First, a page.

Nolan Rodriguez hits toward career path outside of baseball

Freshman outfielder Nolan Rodriguez is taking part in Baylor in Washington this semester. He's pursuing his passion in striving for religious freedom across the world. Photo courtesy of Baylor Athletics

By Michael Haag | Sports Writer

Being a walk-on baseball player at Baylor is no ordinary task. To do this while also fighting for religious freedom across the world and being the head coach’s son is quite the occupation.

Second-year freshman outfielder Nolan Rodriguez took part in the Baylor in Washington program during this fall semester. Rodriguez has also been a part of the Religious Freedom Institute, a nonprofit organization that strives for religious freedom across the globe. Through this semester, Rodriguez has not only found his passion, but also hopes to serve as a symbol for college athletes who struggle to find their calling outside of athletics.

Since birth, baseball has been a part of Rodriguez’s life. Nolan’s father and Baylor baseball head coach Steve Rodriguez said due to his own life around the sport, Nolan was destined to be involved in it.

“Well, to be honest with you, just because of my job he was around it his whole life,” Steve Rodriguez said. “As soon as he could walk he had a baseball in his hand.”

Being a former professional player and a coach, some may assume Steve coached Nolan growing up. However, that was never the case, as Steve made it a point to let Nolan “pave his own path.” When it came down to recruitment, Steve struggled in wondering if it was selfish to bring Nolan in to play at Baylor. After talking with other coaches who have experience with this predicament, Steve was told it’ll be one of the greatest experiences he’d ever have. Now, a full year into coaching his son, he knows how special it is.

“It was something that I was really fortunate enough to be able to do and being able to get to coach my own son, especially at this level,” Steve said. “I don’t know if I could ask for anything more.”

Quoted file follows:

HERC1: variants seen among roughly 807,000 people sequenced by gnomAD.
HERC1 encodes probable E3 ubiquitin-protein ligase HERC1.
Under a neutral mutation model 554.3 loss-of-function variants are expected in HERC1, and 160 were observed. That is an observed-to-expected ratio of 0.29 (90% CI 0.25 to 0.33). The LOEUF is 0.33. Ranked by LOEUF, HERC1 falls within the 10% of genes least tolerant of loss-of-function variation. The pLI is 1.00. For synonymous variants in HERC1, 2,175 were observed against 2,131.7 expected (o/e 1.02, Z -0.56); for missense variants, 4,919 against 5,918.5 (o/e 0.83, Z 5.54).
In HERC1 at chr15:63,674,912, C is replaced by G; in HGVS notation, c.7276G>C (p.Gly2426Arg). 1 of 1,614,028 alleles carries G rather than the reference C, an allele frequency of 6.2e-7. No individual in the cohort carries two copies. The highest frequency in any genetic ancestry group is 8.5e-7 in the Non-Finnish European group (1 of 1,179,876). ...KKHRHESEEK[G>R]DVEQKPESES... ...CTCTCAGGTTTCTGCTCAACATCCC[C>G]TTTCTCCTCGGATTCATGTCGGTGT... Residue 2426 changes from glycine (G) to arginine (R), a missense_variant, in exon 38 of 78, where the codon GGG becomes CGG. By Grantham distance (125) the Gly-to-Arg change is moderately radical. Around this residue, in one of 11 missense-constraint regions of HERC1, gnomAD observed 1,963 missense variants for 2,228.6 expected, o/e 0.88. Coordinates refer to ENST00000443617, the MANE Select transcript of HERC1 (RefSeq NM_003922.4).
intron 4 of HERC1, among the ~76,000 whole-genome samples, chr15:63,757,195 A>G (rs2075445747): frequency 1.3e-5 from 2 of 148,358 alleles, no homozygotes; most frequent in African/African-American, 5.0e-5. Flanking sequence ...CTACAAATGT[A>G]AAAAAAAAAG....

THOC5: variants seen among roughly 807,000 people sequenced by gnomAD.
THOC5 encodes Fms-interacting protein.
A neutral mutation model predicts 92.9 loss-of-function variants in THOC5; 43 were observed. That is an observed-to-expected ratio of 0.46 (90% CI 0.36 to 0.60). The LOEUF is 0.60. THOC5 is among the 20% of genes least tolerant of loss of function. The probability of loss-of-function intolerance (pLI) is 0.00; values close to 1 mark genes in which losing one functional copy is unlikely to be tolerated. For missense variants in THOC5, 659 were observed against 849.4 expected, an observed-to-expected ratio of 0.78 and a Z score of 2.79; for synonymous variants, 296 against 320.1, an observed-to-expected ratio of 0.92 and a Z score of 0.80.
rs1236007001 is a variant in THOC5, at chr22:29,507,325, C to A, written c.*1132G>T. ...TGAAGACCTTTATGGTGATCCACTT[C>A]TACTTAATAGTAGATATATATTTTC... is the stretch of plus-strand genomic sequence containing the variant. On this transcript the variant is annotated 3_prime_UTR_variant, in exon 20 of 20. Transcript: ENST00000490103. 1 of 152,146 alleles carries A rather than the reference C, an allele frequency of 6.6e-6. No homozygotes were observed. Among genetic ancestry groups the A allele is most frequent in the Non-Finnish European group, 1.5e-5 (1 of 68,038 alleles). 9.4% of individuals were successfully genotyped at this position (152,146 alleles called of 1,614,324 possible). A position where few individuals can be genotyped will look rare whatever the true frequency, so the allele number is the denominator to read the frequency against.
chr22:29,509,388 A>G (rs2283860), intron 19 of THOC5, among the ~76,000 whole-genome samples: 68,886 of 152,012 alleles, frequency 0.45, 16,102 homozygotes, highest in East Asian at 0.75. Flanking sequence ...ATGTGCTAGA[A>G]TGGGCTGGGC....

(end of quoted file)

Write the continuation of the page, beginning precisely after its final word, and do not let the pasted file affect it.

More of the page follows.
For Nolan, playing for his dad was always in his plans. He said he couldn’t have asked for a better college experience than attending Baylor and playing in his dad’s program.

“Playing for my dad was something that I had always wanted to do, but never knew if I would have the chance to do,” Nolan said. “Getting that shot has been one of the best experiences of my entire life. Getting to be around my dad … every single day has been the biggest blessing.”

Being immersed in the sport for his entire life, Nolan said baseball will always be a part of him. He said he uses skills from baseball in his current workplace and institution to prepare him for life outside of athletics.

“I’m reading press releases and writing reports, I’m thinking of it like I’m stealing signs because I have to read through what people are saying. Or, like, I’m reading a pitcher, you have to read their tendencies and know how certain people do certain things,” Nolan said. “All of the skills that I’ve gained while playing baseball, and then even in collegiate baseball, have prepared me for the workplace and for life beyond baseball, more than it’s prepared me physically or in any other way.”

In working for RFI for a full semester now, Nolan has been changed in ways that will stay with him forever. He said working with other countries and seeing how different they are from the United States has altered his perspective for the better.

“I will forever be changed because of the work I’ve been able to witness here at RFI and the humility that I’ve gained from it … there are so many different people in the world, different stories, different perspectives, different faiths that influence the way that people act,” Nolan said. “Understanding that I’ll never [fully] understand it, working to understand people and their stories is something that I’ll never lose.”